Although it is commonly known of the importance of the recommendation to brush your teeth two times a day, for at least two minutes each time, many may not understand the true role that toothpaste plays in the process of maintaining dental health. The mouth is home to more than 500 types of microorganisms that feed on leftover food that gets stuck on and around your teeth. Since toothpaste is the best line of defense against all of those pesky microorganisms, let's take a look at just how it works.
Abrasives. Toothpaste contains mild abrasive additives that combat microorganisms and fight plaque. When you brush, the abrasives in toothpaste dislodge food particles and microorganisms more effectively than if you simply brush your teeth with water. The abrasives also work to remove food stains and polish the surface of the tooth. Some toothpastes include ingredients like triclosan and Xylitol. These chemicals prevent the growth of bacteria that produce plaque. Plaque not only causes cavities, but it can also lead to more dangerous issues like periodontal disease.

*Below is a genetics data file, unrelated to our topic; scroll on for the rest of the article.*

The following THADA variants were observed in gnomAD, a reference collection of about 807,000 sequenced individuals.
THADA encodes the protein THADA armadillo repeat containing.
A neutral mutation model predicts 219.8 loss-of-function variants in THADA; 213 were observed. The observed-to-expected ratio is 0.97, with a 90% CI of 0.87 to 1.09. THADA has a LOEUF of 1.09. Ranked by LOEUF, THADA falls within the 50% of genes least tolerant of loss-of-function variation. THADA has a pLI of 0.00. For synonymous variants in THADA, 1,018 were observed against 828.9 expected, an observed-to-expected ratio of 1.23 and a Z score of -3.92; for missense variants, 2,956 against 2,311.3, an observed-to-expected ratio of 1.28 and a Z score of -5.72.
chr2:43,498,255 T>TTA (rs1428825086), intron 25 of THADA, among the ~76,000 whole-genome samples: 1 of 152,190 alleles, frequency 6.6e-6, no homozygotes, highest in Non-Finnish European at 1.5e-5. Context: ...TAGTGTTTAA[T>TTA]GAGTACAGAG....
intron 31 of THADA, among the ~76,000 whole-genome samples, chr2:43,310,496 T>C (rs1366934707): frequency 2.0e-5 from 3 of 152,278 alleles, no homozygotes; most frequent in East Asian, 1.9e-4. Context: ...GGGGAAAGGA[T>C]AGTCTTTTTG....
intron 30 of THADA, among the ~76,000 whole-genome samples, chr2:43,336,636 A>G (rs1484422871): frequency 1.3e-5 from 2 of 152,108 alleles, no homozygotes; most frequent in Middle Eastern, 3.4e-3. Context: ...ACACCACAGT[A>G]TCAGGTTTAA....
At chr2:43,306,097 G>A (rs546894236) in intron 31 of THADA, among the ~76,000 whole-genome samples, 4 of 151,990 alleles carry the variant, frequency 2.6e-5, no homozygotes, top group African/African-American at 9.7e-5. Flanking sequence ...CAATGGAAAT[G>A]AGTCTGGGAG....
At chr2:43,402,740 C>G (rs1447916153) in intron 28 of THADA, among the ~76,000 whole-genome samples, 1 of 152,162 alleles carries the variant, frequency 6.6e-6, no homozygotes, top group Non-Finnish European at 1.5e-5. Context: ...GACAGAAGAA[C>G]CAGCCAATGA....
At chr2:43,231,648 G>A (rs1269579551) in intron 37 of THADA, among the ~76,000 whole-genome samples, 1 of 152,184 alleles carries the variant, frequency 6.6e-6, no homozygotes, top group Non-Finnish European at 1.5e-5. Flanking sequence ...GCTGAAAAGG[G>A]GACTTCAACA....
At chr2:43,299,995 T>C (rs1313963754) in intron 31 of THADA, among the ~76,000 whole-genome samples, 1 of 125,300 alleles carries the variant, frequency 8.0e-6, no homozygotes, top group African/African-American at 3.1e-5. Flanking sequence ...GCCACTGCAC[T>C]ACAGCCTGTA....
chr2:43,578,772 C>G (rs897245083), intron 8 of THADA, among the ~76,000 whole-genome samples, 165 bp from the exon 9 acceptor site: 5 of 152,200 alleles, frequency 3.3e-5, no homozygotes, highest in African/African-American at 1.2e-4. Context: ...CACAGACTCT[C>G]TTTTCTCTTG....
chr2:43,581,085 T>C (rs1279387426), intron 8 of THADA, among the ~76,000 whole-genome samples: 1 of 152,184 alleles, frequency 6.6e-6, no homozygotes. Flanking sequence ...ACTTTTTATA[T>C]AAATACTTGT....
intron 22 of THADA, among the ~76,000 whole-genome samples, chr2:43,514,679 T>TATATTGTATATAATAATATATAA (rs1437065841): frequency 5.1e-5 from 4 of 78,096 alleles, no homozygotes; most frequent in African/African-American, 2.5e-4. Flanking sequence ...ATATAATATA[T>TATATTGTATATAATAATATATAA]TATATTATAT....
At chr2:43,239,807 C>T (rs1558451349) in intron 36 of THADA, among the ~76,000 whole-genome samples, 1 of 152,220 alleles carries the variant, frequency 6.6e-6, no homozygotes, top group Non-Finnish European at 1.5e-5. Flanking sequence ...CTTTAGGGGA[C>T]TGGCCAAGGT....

Fluoride. This is the key ingredient in toothpaste. As the microorganisms in your mouth feed off the leftover food particles, they leave behind acid and sulfur byproducts that wear away the enamel of the teeth. This is the fancy, technical way of saying that the acid on your teeth causes cavities. As for as the sulfur byproduct, this is the scientific cause for badbreath. Fluoride works to fight the acid and help protect the teeth. By brushing, the fluoride is incorporated into the tooth enamel, which in turn makes the tooth more resistant to acid and plaque.
Flavoring And Sweetening Agents. Not all toothpaste tastes the same. The type of flavoring or sweeting agents added to the toothpaste does not have anything to do with fighting microorganisms and plaque, but taste is one of the most important selling points in finding a toothpaste brand that you like. Flavoring agents mask the taste of some of the other ingredients in toothpaste, and without those agents, chances are nobody would be brushing their teeth two to three times a day.